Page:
Dividend forms hitting mailboxes

Posted: Tuesday, January 04, 2000

ANCHORAGE - Alaskans are finding a welcome piece of mail this week along with the bills from their holiday spending sprees.

The state began sending out applications Monday for the Alaska Permanent Fund dividend. The applications must be returned to the Permanent Fund Division of the state Department of Revenue by March 31.

Missing that deadline could be an expensive mistake, since state law does not allow any grace period or extension.

About 350,000 of the booklets will be distributed through the mail and at various distribution points. For Juneau residents, these include the governor's office, legislative offices, the state library and the permanent fund office itself, on the eleventh floor of the State Office Building downtown. The office can fax copies of the booklet, or it can be downloaded from the Permanent Fund Website, which can be reached via Hot Links at jumpeauempire.com.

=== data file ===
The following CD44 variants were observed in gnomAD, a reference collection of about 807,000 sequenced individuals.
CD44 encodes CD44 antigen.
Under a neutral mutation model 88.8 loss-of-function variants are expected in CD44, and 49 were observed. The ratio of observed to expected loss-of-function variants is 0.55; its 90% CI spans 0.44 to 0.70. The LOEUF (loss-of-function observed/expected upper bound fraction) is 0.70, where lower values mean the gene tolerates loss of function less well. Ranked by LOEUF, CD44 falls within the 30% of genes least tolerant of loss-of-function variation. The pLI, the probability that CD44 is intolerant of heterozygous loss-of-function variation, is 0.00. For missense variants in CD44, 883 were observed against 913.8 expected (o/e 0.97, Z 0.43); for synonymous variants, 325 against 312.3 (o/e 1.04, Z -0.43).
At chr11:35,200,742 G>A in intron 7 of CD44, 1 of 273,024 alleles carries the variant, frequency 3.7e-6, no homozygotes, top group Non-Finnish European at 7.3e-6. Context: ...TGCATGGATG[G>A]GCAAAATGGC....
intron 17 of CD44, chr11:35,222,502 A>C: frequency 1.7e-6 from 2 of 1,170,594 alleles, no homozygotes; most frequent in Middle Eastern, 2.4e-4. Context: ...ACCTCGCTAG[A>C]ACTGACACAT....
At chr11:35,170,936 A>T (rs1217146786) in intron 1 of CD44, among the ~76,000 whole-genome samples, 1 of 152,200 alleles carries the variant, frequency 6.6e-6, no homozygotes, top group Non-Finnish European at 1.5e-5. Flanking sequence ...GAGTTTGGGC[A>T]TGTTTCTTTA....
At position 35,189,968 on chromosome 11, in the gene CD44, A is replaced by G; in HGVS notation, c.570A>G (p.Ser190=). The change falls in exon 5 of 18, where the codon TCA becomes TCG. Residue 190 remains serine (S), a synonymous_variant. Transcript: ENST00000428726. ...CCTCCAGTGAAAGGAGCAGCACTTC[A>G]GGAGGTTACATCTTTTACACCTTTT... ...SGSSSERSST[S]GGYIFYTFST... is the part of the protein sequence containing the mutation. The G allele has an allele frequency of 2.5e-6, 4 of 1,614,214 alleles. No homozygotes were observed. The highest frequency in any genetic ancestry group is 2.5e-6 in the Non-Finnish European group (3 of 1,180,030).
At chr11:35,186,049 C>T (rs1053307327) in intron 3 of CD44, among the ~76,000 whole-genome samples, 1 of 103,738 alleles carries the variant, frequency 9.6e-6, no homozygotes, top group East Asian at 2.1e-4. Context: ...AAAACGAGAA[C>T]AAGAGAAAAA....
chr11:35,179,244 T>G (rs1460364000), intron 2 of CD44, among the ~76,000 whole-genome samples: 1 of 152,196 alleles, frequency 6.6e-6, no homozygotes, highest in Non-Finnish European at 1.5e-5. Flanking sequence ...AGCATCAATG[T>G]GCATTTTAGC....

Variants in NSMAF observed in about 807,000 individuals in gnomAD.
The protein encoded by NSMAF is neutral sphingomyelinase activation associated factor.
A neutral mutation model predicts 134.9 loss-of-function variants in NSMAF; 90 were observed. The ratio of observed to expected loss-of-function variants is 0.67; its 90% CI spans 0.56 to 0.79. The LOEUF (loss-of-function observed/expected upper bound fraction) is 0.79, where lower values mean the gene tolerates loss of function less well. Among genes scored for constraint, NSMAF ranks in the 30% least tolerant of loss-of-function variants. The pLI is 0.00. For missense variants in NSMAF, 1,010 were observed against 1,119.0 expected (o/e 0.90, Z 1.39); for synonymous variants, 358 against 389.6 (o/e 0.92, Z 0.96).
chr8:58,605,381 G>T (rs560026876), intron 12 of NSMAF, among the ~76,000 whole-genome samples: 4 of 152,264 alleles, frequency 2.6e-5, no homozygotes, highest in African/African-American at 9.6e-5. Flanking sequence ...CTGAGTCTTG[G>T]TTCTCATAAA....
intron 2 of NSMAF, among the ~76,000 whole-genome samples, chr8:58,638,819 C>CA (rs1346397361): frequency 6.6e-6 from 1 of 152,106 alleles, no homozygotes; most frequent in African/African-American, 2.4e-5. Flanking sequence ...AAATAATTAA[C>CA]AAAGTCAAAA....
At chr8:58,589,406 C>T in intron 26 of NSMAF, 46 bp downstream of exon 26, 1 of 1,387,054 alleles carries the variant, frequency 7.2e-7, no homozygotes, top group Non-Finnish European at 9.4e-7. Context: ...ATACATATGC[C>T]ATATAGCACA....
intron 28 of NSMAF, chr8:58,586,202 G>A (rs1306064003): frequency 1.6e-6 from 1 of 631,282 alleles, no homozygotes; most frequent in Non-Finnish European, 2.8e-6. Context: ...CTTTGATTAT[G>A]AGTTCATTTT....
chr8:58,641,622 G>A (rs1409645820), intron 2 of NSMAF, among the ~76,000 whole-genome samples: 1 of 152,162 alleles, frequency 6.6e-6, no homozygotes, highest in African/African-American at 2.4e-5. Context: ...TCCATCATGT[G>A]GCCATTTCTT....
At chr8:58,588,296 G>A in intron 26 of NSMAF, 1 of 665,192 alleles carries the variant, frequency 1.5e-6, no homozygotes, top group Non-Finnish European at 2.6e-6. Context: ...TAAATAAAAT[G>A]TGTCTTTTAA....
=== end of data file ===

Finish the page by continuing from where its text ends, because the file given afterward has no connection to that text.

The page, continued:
For most people, such measures shouldn't be necessary, said Paul Dick, chief of operations for the fund.

``We started distributing the booklets yesterday and I know friends and people I've talked to in Juneau have gotten theirs. They're in the mail,'' he said today.

Nancy Jones, director of the dividend division, agreed.

``I can't imagine why anyone in Juneau, or across the state for that matter, shouldn't be getting one,'' she said. ``It should be a matter of the postman delivering their mail.''

The amount of this year's dividend will be announced in September, with dividends paid out in October.

More than 575,000 Alaskans collected dividends of $1,769 each last year. The fund, the state's oil-wealth savings account, has paid out dividends since 1982.

The most basic requirement for eligibility is Alaska residency, Dick said.

``You have to be in Alaska unless you're on an allowable absence,'' he said. ``The two basic ones are student and military, and then there's some other assorted ones.''

A person can be absent from the state for up to 180 days without an allowable absence, Dick added.

``You can go on vacations and basically even be gone for half the year, but if you go over 180 days, to still be eligible you have to have this allowable absence,'' he said.

Those with allowed absences must return to the state for 72 consecutive hours every two years to still qualify, and must continue to list Alaska as their state of residency. Criminal convictions can also prohibit eligibility.

For more information about the Alaska Permanent Fund dividend, go to: www.revenue.state.ak.us/pfd.

Empire writer Genevieve Gagne-Hawes contributed to this report.

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